New therapy options: Fighting lung cancer with fruit flies

Fruit flies can be kept, reproduced and genetically manipulated relatively easily.

How to find new treatment options for lung cancer? DZL scientists developed a system that allows for screening of large numbers of substances potentially suitable for therapy. By using fruit flies as model system they found ways reducing the number of mouse experiments. The results of their study have been published in the journal Altex.

Immunotherapies revolutionized lung cancer treatment. However, they are not suitable for every patient and the production of antibodies is complex and comparably expensive. Therefore, investigation of new treatment options is still going on. DZL researchers from Kiel and Borstel employ a novel technique in order to find yet unknown therapeutics. They aim for a system that enables high throughput of many substances in parallel. They focus on lung cancers with frequent genetic mutations driving cell growth and proliferation (so-called oncogenes). This type of tumor occurs in one third to a half of lung cancer patients.

The DZL scientists work with the fruit fly Drosophila, an animal that is easily bred and often used for genetic studies. They transferred one of the mutated genes to the fly and enabled expression just in the airways or parts thereof. Furthermore they introduced the gene of the green fluorescent protein (GFP) to allow for fluorescence analysis of the flies. The result: The researchers found significant changes for the 19 oncogenes under investigation. In some cases the fly larvae died, in part their airways exhibited pathological changes: thickening of airway epithelium as well as changes in airway branching and length. Cell nuclei were enlarged and cells proliferated more than normal. Moreover, larvae became sensitive to reduced oxygen supply. This feature is typical for fast-growing tumors in which angiogenesis (and oxygen supply) can’t keep up. In further experiments the researches focused on two read-outs working in large-scale systems: larval death and GFP fluorescence – the latter as a marker for tumor mass.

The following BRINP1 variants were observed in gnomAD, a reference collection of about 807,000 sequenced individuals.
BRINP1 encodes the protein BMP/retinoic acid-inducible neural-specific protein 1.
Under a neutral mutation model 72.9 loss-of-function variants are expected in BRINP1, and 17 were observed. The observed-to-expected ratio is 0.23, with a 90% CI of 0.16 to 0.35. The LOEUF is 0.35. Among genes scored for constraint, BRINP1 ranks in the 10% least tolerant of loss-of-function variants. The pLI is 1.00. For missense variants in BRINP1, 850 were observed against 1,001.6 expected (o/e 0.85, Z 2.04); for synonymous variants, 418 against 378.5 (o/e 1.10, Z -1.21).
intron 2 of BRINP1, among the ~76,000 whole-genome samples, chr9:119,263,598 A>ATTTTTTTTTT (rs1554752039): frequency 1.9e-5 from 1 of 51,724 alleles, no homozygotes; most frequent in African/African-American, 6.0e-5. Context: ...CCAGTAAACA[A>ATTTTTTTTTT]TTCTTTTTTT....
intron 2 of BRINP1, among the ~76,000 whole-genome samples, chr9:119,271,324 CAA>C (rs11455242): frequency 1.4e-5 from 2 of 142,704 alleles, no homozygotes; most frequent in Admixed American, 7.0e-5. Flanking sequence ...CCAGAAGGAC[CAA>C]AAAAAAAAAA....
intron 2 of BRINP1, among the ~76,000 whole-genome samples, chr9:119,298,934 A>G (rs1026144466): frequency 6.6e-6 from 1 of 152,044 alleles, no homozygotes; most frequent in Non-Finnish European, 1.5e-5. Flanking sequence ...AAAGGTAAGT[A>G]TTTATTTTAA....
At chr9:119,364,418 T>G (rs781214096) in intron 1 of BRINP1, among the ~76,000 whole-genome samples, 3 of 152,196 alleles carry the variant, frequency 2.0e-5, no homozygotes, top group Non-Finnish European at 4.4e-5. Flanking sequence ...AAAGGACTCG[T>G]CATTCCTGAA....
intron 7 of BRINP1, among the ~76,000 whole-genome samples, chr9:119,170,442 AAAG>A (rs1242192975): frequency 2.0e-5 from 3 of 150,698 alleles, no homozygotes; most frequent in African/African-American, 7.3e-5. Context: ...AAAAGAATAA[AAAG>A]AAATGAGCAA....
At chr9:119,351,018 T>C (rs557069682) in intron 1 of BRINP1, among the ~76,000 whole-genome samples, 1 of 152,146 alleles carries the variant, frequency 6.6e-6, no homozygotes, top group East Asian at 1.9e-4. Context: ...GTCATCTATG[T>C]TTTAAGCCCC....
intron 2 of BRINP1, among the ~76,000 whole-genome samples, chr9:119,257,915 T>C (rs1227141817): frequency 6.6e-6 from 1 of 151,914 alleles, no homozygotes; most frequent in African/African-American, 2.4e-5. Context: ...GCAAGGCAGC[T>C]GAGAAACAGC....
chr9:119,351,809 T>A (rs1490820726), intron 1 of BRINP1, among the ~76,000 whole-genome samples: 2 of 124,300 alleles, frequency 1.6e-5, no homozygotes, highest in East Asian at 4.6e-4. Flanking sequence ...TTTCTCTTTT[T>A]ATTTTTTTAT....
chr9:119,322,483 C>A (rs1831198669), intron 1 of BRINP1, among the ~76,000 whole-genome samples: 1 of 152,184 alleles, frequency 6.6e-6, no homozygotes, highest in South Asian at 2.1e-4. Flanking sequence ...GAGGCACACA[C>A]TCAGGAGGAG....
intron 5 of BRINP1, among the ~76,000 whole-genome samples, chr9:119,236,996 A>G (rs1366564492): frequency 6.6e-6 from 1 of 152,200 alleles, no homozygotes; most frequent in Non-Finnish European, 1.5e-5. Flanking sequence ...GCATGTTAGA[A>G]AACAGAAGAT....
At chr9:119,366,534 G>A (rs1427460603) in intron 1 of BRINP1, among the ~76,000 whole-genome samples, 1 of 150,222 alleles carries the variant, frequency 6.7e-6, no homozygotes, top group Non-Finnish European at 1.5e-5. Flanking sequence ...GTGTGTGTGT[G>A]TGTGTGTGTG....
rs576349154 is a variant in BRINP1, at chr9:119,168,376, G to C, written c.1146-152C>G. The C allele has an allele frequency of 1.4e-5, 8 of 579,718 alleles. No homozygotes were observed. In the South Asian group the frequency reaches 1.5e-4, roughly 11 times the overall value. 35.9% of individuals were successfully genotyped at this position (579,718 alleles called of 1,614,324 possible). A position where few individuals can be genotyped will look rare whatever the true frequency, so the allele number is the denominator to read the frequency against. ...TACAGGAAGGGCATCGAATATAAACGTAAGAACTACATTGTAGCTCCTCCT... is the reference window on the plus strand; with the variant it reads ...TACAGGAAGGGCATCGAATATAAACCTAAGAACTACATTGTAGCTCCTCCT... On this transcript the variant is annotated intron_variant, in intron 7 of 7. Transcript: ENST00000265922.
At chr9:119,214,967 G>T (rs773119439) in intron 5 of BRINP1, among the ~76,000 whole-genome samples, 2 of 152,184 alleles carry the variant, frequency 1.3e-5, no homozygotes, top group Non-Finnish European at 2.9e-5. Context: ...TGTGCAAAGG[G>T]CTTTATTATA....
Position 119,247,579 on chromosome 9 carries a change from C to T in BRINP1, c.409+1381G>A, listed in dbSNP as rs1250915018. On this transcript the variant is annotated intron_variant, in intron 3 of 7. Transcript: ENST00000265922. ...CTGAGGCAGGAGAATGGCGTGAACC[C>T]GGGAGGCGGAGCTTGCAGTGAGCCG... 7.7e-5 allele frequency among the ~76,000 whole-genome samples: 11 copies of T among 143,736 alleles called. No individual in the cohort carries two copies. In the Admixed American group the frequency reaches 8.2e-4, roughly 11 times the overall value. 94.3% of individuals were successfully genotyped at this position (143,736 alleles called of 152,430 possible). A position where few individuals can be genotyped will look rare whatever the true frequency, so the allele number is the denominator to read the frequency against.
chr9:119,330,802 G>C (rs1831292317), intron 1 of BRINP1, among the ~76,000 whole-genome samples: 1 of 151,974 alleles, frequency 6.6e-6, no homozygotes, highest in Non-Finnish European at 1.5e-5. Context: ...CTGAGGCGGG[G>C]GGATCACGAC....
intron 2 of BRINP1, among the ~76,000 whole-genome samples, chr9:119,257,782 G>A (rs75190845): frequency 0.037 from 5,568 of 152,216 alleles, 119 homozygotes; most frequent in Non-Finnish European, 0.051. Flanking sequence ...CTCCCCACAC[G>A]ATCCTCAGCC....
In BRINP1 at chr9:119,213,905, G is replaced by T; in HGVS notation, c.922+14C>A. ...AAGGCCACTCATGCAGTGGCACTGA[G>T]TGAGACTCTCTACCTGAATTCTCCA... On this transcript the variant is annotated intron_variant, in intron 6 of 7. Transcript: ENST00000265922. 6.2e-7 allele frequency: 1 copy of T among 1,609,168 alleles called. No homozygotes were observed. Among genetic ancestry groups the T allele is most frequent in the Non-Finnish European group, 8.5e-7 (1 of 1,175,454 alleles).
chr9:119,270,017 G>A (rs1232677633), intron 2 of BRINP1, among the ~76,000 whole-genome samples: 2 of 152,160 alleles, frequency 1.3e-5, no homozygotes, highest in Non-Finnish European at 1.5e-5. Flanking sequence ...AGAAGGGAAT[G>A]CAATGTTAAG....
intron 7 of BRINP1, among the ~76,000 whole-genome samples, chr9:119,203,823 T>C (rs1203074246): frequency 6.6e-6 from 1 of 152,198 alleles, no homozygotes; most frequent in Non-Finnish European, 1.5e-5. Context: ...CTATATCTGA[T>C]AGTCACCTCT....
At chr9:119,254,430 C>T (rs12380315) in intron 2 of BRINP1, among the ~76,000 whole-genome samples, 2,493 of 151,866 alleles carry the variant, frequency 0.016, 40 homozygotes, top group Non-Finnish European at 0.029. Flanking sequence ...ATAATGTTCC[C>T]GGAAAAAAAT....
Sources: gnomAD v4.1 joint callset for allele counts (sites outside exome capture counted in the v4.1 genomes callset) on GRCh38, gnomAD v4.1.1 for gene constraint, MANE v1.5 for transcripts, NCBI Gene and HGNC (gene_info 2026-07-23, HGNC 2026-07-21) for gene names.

As an example, the DZL scientists introduced a mutated Ras oncogene into flies and treated them with different drugs. Actually, they found that the substance trametinib reduced tumor mass significantly. Prof. Thomas Roeder (Christian-Albrechts University Kiel) who conducted the study sums up: “We proved that our test system is suitable for finding new substances for lung cancer therapy.” The method has several advantages: As larvae can be investigated in microplates, fluorescence can be detected automatically. This allows for parallel testing a large number of substances from compound libraries. Finally, testing on flies will reduce animal testing on vertebrates, especially mice. Just the few substances identified in fly experiments need to be tested in vertebrates.

Results of the study have been published by DZL researchers from Research Center Borstel and Christian-Albrechts University Kiel in collaboration with the Fraunhofer Institute for Biotechnical Engineering (IBMT) in the journal Alternatives to animal experimentation.

Thomas Roeder plans to employ the now-established system in practice: „Together with IBMT we will test the efficacy of substances from compound libraries in our lung cancer models of different mutations in the near future. Our focus will be on combination therapies.”


SourceBossen J*, Uliczka K*, Steen L, Neugebauer P, Mai MM, Fink C, Stracke F, Heine H, Roeder T (2020) Driver mutations in major lung cancer oncogenes can be analyzed in Drosophila models. Altex [Epub Oct 22] (ARCN)
* shared first authors

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